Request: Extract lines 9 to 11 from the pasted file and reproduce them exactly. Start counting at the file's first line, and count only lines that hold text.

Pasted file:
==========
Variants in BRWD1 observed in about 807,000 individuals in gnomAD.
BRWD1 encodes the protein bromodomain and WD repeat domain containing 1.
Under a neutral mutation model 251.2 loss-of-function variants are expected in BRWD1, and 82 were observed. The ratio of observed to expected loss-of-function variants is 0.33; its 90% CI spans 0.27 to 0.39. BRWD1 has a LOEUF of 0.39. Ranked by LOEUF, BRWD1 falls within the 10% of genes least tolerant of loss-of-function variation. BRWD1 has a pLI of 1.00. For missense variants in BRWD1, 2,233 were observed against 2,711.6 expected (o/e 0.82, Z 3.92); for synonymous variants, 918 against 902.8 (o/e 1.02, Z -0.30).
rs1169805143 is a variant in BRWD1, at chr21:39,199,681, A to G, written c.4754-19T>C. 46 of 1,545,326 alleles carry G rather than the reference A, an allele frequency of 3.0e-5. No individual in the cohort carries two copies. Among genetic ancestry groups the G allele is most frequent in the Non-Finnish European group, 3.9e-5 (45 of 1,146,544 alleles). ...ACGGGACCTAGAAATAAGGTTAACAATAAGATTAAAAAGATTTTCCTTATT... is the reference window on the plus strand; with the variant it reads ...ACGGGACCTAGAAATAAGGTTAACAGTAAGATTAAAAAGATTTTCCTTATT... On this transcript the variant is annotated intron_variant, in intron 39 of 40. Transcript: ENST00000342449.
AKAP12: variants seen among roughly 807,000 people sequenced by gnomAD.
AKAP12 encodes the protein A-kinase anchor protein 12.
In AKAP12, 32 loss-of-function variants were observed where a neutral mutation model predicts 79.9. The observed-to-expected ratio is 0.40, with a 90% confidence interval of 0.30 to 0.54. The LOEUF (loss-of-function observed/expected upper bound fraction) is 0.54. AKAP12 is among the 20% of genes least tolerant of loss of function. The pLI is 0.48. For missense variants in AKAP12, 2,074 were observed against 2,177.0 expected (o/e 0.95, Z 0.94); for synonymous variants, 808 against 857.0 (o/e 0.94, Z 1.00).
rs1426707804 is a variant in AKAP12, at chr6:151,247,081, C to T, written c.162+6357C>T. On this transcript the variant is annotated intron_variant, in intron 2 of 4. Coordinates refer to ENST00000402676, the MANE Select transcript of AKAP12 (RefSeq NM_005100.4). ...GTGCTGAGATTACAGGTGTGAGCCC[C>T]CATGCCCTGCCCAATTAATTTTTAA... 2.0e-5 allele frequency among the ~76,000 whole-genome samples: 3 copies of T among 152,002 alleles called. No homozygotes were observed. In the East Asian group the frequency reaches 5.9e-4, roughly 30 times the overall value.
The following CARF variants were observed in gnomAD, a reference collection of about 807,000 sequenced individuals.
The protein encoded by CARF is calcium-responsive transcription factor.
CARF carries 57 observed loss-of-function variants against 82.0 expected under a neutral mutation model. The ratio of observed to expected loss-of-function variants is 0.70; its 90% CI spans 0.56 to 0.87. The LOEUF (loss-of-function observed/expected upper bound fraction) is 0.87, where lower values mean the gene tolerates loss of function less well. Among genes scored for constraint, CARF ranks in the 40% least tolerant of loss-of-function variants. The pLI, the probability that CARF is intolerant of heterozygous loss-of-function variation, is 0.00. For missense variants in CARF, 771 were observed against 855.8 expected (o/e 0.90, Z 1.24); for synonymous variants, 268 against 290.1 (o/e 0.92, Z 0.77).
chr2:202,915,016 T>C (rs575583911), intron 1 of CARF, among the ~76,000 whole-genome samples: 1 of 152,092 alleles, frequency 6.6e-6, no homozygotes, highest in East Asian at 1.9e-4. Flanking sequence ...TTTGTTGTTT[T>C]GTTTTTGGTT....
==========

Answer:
The following CARF variants were observed in gnomAD, a reference collection of about 807,000 sequenced individuals.
The protein encoded by CARF is calcium-responsive transcription factor.
CARF carries 57 observed loss-of-function variants against 82.0 expected under a neutral mutation model. The ratio of observed to expected loss-of-function variants is 0.70; its 90% CI spans 0.56 to 0.87. The LOEUF (loss-of-function observed/expected upper bound fraction) is 0.87, where lower values mean the gene tolerates loss of function less well. Among genes scored for constraint, CARF ranks in the 40% least tolerant of loss-of-function variants. The pLI, the probability that CARF is intolerant of heterozygous loss-of-function variation, is 0.00. For missense variants in CARF, 771 were observed against 855.8 expected (o/e 0.90, Z 1.24); for synonymous variants, 268 against 290.1 (o/e 0.92, Z 0.77).